Wells Fargo Sold Risky Program as Safe, Lawyer Says

Wells Fargo & Co. (WFC) marketed a risky securities-lending program as safe and cost institutional investors millions of dollars in losses, a lawyer said at the start of trial.

“Securities lending was represented by Wells Fargo to be a minimal or no-risk investment,” Mike Ciresi, a lawyer for Blue Cross Blue Shield of Minnesota and 11 other plaintiffs, said today in his opening statement in federal court in St. Paul.

The case is one of at least five against Wells Fargo over its securities lending. The suits were brought in Minnesota, where Wells Fargo’s securities-lending program was located. The San Francisco-based bank lost the first to go to trial in 2010, when a state court jury awarded Minnesota Workers’ Compensation Reinsurance Association and three charitable foundations about $30 million. That judgment was upheld on appeal.

Wells Fargo is scheduled for a third trial on the same claims from different plaintiffs in September, brought on behalf of a class of about 100 institutional investors. Two other cases are also pending in federal court, including one by Minnesota Life Insurance Co. seeking $40 million in damages.

The trial before U.S. District Judge Donovan W. Frank in St. Paul covers allegations from Blue Cross Blue Shield of Minnesota, the El Paso County Retirement Plan and 10 other nonprofit groups seeking reimbursement of losses plus punitive damages. A jury of eight women and four men was selected yesterday.

Custodial Accounts

Under the program, Wells Fargo held its clients’ securities in custodial accounts and would make temporary loans of these securities to brokers. The brokers would use these securities to support their trading activities, such as short sales and option contracts. The clients “had the right to recall their loaned securities at any time, for any reason,” according to the complaint. The brokers borrowing the securities posted collateral, primarily cash.

“Wells Fargo promised to invest the cash in conservative investments, which Wells Fargo repeatedly represented would be ‘high-grade money market instruments’ where the ‘prime considerations’ would be ‘safety of principal and liquidity,’” Blue Cross said in court papers filed Sept. 11.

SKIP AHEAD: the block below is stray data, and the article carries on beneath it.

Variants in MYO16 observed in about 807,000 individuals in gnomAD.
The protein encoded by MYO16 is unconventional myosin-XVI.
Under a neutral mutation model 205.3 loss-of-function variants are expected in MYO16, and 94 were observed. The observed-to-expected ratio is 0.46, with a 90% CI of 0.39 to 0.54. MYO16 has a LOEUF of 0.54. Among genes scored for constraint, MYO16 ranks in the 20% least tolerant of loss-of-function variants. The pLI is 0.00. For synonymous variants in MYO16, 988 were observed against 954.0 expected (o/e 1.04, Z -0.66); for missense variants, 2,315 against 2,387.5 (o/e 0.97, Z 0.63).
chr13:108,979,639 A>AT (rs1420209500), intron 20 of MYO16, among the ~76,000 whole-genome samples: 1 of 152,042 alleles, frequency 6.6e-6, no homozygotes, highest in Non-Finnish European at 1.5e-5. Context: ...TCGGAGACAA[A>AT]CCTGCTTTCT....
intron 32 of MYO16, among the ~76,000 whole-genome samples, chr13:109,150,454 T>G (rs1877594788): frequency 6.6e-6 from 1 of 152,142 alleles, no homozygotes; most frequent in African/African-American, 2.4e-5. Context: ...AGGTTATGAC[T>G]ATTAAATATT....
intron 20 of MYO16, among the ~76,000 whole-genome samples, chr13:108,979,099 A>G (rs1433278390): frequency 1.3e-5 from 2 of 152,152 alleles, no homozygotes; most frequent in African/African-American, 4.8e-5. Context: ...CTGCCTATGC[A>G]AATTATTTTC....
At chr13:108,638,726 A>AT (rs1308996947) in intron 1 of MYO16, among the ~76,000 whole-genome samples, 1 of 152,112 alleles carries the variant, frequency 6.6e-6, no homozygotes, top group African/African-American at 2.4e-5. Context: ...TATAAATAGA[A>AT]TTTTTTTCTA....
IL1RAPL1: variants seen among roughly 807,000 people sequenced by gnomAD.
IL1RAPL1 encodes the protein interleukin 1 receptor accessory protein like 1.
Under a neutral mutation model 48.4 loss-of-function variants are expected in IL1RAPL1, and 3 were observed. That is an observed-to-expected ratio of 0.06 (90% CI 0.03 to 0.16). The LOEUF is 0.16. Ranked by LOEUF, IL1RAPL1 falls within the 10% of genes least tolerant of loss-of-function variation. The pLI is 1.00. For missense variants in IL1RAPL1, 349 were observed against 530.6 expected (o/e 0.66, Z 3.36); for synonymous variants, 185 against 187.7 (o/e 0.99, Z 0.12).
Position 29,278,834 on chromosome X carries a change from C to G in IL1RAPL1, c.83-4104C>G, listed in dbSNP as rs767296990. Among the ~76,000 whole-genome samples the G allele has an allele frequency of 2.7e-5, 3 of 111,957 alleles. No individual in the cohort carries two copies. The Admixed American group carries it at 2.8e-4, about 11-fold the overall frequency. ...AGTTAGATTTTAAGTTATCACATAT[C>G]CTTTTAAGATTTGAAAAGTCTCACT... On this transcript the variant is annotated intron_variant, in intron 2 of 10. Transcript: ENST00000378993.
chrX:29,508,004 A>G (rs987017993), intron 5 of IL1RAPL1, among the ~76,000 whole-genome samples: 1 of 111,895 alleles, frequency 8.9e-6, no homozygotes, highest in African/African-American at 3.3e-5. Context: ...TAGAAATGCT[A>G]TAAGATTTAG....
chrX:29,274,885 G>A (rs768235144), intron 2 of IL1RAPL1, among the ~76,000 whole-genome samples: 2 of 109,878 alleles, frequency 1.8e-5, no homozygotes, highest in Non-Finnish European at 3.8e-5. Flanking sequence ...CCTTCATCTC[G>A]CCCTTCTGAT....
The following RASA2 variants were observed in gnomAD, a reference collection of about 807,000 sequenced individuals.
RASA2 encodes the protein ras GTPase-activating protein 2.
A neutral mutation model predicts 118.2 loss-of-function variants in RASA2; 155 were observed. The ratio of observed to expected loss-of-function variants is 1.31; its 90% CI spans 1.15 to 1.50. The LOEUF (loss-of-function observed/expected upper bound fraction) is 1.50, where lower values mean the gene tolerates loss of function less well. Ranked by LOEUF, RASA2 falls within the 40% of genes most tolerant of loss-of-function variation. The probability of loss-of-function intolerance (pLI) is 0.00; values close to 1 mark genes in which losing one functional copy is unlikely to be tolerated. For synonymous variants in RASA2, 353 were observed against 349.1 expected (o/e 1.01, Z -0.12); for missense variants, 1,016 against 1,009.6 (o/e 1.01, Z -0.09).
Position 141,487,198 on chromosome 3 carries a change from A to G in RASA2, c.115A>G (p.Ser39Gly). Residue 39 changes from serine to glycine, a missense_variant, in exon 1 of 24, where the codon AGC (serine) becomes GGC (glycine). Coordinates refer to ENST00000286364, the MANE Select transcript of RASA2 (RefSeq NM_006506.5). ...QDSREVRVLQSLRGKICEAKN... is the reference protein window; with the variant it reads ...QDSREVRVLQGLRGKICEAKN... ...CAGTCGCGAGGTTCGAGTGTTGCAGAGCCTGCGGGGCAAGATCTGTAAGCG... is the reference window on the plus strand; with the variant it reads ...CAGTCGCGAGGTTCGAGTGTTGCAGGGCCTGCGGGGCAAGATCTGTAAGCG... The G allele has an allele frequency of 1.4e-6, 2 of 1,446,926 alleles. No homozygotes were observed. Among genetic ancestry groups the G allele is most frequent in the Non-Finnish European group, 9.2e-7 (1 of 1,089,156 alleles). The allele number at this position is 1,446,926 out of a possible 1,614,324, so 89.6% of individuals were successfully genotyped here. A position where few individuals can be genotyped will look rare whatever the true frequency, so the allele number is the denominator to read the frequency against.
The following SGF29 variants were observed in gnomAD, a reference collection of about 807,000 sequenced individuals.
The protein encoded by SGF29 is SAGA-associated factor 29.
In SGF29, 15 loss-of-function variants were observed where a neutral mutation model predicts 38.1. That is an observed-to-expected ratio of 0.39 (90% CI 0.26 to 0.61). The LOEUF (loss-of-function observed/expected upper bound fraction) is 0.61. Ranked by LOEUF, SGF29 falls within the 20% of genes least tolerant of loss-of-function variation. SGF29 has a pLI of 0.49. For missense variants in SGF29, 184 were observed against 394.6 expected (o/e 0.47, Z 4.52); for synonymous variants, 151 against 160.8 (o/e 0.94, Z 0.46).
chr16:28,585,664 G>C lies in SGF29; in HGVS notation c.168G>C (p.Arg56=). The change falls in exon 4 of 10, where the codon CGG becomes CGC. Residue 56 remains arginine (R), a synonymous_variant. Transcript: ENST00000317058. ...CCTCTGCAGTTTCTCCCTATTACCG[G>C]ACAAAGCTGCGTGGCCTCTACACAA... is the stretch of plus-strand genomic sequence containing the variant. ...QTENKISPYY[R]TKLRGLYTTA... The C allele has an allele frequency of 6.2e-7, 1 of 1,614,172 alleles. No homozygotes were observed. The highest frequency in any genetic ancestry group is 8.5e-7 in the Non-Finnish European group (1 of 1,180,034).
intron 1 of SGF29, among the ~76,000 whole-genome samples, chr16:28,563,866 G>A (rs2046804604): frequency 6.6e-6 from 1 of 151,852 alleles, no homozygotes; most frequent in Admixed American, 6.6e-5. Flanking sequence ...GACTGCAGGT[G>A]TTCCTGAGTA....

‘Heavily Invested”

Wells Fargo, they claim, “heavily invested” the collateral in risky or highly illiquid securities, such as structured investment vehicles and mortgage-backed assets. Instead of gaining a small profit, the investors lost money, according to the lawsuit.

Wells Fargo engaged in “systematic, intentional and unlawful conduct -- including breaches of fiduciary duty, breaches of contract, and fraud -- in a multibillion-dollar securities-lending program,” the plaintiffs said in the complaint.

The alleged misconduct included “a pattern of improper investments in risky securities,” failure to disclose material information about the investments to the plaintiffs, and a coverup of wrongful actions, the plaintiffs said. They said Wells Fargo continued to pursue the investments as they began to falter.

“Wells Fargo promised a safe and small return to help offset the fees the bank charged as custodian and safekeeper of clients’ assets,” Ciresi told the jury today.

Wells Fargo has denied the claims, blaming any losses on the financial crisis.

‘Highly Rated’

“The allegations made by the plaintiffs are without merit,” Laura Fay, a spokeswoman for the bank, said in an e-mailed statement. “The investments made by Wells Fargo on behalf of clients in the securities-lending program were in accordance with investment guidelines and were highly rated and suitable at the time of purchase.”

The company sold the majority of its securities-lending program to Citigroup Inc. in 2011, Fay said. Wells Fargo remains liable for any damages sought in the lawsuits, she said.

The case is Blue Cross Blue Shield of Minnesota v. Wells Fargo Bank, 11-cv-02529, U.S. District Court, District of Minnesota (St. Paul).

To contact the reporters on this story: Margaret Cronin Fisk in Detroit at mcfisk@bloomberg.net; Beth Hawkins in Minneapolis at hawkins@visi.com.

To contact the editor responsible for this story: Michael Hytha at mhytha@bloomberg.net

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